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Submission + - The History and Evolution of Malware (securityweek.com)

wiredmikey writes: Wade Williamson provides an interesting read on the evolution of malware, starting with a brief history, and background of modern malware threats, along with an explanation of the modern malware lifecycle...

Modern malware is emerging as one of the most concerning forces at play in information technology. With the ability to potentially coordinate millions of infected nodes, pass through security boundaries undetected on demand, and to adapt functionality on demand, modern malware has more in common with a fully distributed cloud-based application than it does with the simple self-replicating viruses and worms that we have known in the past.

40 years ago while working at BBN, Bob Thomas began experimenting with the concept of a mobile application. To this end he developed the Creeper program, which had the ability to move from machine to machine. Creeper quickly proliferated through ARPANET infecting everything in its path, and the emergence of the computer virus was upon us.

Given the evolution of malware, it is important that we look at more than simply the function of the malware (i.e. a banking botnet). It's just as important to understand how malware protects itself, communicates and foils our existing defense in depth.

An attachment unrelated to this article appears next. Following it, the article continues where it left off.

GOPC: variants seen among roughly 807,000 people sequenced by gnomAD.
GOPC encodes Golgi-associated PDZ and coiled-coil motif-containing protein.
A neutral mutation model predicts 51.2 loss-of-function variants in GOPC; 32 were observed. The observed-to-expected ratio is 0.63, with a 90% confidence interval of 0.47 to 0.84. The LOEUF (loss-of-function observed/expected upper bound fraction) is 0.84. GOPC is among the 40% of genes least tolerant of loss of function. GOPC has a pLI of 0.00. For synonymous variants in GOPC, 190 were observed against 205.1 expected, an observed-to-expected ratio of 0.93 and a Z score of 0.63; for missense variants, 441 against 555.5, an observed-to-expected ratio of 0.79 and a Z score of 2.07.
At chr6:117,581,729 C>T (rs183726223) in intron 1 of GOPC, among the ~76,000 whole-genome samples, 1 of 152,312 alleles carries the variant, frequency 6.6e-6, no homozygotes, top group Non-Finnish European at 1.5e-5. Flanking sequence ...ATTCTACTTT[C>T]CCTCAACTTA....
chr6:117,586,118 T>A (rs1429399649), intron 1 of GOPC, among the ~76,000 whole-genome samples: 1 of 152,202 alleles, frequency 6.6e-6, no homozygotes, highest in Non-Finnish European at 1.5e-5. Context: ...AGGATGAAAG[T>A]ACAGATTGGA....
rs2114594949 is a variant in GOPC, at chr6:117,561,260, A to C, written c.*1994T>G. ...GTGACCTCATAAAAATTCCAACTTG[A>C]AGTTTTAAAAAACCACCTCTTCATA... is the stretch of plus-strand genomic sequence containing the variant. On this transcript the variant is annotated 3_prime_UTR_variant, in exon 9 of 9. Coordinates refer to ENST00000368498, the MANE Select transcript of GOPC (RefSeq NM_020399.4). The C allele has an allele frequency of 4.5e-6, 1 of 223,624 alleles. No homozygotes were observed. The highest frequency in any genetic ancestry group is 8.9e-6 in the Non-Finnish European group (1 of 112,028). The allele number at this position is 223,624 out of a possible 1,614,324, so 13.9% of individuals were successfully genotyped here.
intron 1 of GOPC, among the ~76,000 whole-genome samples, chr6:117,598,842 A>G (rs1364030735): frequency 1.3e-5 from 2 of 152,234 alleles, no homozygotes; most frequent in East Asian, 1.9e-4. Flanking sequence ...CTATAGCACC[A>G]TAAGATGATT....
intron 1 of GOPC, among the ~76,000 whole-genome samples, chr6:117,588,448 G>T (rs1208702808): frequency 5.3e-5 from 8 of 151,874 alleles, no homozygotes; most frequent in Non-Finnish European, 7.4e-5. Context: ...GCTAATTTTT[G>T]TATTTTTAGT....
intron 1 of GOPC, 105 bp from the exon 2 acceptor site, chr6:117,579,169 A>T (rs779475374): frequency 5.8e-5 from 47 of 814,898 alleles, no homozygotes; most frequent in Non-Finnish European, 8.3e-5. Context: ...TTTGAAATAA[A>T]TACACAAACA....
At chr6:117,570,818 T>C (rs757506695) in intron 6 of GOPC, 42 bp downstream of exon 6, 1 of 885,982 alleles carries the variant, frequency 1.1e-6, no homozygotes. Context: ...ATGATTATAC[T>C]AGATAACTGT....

Businesses

Submission + - Apple too big for the Dow Jones Industrial Average (edibleapple.com)

An anonymous reader writes: Apple is clearly the hottest tech stock on the market right now and the company is clearly at the vanguard of technological innovation. Consequently, many have wondered why Apple isn’t part of the Dow Jones Industrial Average (DOJA).

As it turns out, Apple's astronomical share price effectively prohibits the company from joining the DOJA as it would disproportionately influence the index.

Submission + - How Negative Reviews Increase Sales Online - Techn (technologyreview.com)

wjousts writes:

Panos Iperitos set out to study the dollar value of online reputation, and along the way he discovered the counter-intuitive ways that reviews inform it

Not surprisingly, people are willing to pay a premium (up to 5%) to buy a product for a seller with a good reputation, but interestingly, negative product reviews can lead to higher sales:

One reason is that buyers gain confidence that "if this is the worst this product will throw at me, it must be pretty good." "Negative reviews that are specific actually tend to serve as risk mitigators," says Ipeirotis On the other hand, the phrase "good packaging" makes it sound like there was nothing else in the transaction worth complimenting.

Spelling and grammar in reviews also have an impact. So much so that unconfirmed rumors have suggested that shoe seller Zappos has spent $0.10 per review to have Amazon's Mechanical Turk correct spelling and grammar in Zappos reviews.

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